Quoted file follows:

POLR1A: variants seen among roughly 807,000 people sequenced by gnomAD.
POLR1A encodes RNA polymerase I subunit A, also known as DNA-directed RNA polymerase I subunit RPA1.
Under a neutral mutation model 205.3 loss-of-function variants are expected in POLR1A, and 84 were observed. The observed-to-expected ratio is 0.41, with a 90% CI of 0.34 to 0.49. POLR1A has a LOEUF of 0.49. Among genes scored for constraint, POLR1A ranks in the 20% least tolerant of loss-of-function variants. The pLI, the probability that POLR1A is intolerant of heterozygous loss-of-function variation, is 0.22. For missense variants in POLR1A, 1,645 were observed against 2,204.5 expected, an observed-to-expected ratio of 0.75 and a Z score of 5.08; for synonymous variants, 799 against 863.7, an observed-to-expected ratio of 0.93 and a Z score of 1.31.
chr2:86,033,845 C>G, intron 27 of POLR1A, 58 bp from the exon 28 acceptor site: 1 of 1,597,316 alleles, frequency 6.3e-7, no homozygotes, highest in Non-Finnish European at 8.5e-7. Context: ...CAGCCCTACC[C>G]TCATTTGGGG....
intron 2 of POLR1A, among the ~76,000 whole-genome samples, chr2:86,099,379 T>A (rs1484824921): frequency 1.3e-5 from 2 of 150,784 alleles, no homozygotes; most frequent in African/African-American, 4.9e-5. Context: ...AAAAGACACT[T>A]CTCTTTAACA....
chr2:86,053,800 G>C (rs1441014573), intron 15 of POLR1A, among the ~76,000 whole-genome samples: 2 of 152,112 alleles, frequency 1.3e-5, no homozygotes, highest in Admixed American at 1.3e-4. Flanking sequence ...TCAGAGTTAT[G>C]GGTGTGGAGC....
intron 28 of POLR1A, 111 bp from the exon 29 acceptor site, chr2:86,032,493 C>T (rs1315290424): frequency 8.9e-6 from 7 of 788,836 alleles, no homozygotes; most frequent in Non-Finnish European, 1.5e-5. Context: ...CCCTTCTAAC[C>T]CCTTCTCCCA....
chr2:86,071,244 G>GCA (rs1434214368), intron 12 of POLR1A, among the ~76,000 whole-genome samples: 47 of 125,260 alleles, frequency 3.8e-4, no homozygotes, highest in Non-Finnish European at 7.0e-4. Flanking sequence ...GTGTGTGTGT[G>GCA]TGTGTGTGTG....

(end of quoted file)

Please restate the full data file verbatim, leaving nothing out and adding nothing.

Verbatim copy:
POLR1A: variants seen among roughly 807,000 people sequenced by gnomAD.
POLR1A encodes RNA polymerase I subunit A, also known as DNA-directed RNA polymerase I subunit RPA1.
Under a neutral mutation model 205.3 loss-of-function variants are expected in POLR1A, and 84 were observed. The observed-to-expected ratio is 0.41, with a 90% CI of 0.34 to 0.49. POLR1A has a LOEUF of 0.49. Among genes scored for constraint, POLR1A ranks in the 20% least tolerant of loss-of-function variants. The pLI, the probability that POLR1A is intolerant of heterozygous loss-of-function variation, is 0.22. For missense variants in POLR1A, 1,645 were observed against 2,204.5 expected, an observed-to-expected ratio of 0.75 and a Z score of 5.08; for synonymous variants, 799 against 863.7, an observed-to-expected ratio of 0.93 and a Z score of 1.31.
chr2:86,033,845 C>G, intron 27 of POLR1A, 58 bp from the exon 28 acceptor site: 1 of 1,597,316 alleles, frequency 6.3e-7, no homozygotes, highest in Non-Finnish European at 8.5e-7. Context: ...CAGCCCTACC[C>G]TCATTTGGGG....
intron 2 of POLR1A, among the ~76,000 whole-genome samples, chr2:86,099,379 T>A (rs1484824921): frequency 1.3e-5 from 2 of 150,784 alleles, no homozygotes; most frequent in African/African-American, 4.9e-5. Context: ...AAAAGACACT[T>A]CTCTTTAACA....
chr2:86,053,800 G>C (rs1441014573), intron 15 of POLR1A, among the ~76,000 whole-genome samples: 2 of 152,112 alleles, frequency 1.3e-5, no homozygotes, highest in Admixed American at 1.3e-4. Flanking sequence ...TCAGAGTTAT[G>C]GGTGTGGAGC....
intron 28 of POLR1A, 111 bp from the exon 29 acceptor site, chr2:86,032,493 C>T (rs1315290424): frequency 8.9e-6 from 7 of 788,836 alleles, no homozygotes; most frequent in Non-Finnish European, 1.5e-5. Context: ...CCCTTCTAAC[C>T]CCTTCTCCCA....
chr2:86,071,244 G>GCA (rs1434214368), intron 12 of POLR1A, among the ~76,000 whole-genome samples: 47 of 125,260 alleles, frequency 3.8e-4, no homozygotes, highest in Non-Finnish European at 7.0e-4. Flanking sequence ...GTGTGTGTGT[G>GCA]TGTGTGTGTG....